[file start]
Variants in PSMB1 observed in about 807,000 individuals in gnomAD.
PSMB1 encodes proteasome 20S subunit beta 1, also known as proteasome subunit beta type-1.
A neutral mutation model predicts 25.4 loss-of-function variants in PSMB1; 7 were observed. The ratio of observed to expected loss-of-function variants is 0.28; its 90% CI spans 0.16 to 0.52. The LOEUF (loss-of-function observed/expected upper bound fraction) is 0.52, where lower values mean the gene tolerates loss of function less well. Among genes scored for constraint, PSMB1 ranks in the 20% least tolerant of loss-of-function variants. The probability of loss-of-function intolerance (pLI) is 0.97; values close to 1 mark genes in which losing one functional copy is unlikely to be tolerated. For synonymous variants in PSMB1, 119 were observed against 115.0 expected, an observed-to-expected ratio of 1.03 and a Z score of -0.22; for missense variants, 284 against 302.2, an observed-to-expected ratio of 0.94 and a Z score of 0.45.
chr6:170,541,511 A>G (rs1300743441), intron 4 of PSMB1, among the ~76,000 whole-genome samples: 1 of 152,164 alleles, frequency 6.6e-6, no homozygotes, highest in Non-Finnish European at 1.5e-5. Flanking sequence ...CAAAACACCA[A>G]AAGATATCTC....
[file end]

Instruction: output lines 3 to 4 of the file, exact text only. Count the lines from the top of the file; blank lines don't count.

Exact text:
A neutral mutation model predicts 25.4 loss-of-function variants in PSMB1; 7 were observed. The ratio of observed to expected loss-of-function variants is 0.28; its 90% CI spans 0.16 to 0.52. The LOEUF (loss-of-function observed/expected upper bound fraction) is 0.52, where lower values mean the gene tolerates loss of function less well. Among genes scored for constraint, PSMB1 ranks in the 20% least tolerant of loss-of-function variants. The probability of loss-of-function intolerance (pLI) is 0.97; values close to 1 mark genes in which losing one functional copy is unlikely to be tolerated. For synonymous variants in PSMB1, 119 were observed against 115.0 expected, an observed-to-expected ratio of 1.03 and a Z score of -0.22; for missense variants, 284 against 302.2, an observed-to-expected ratio of 0.94 and a Z score of 0.45.
chr6:170,541,511 A>G (rs1300743441), intron 4 of PSMB1, among the ~76,000 whole-genome samples: 1 of 152,164 alleles, frequency 6.6e-6, no homozygotes, highest in Non-Finnish European at 1.5e-5. Flanking sequence ...CAAAACACCA[A>G]AAGATATCTC....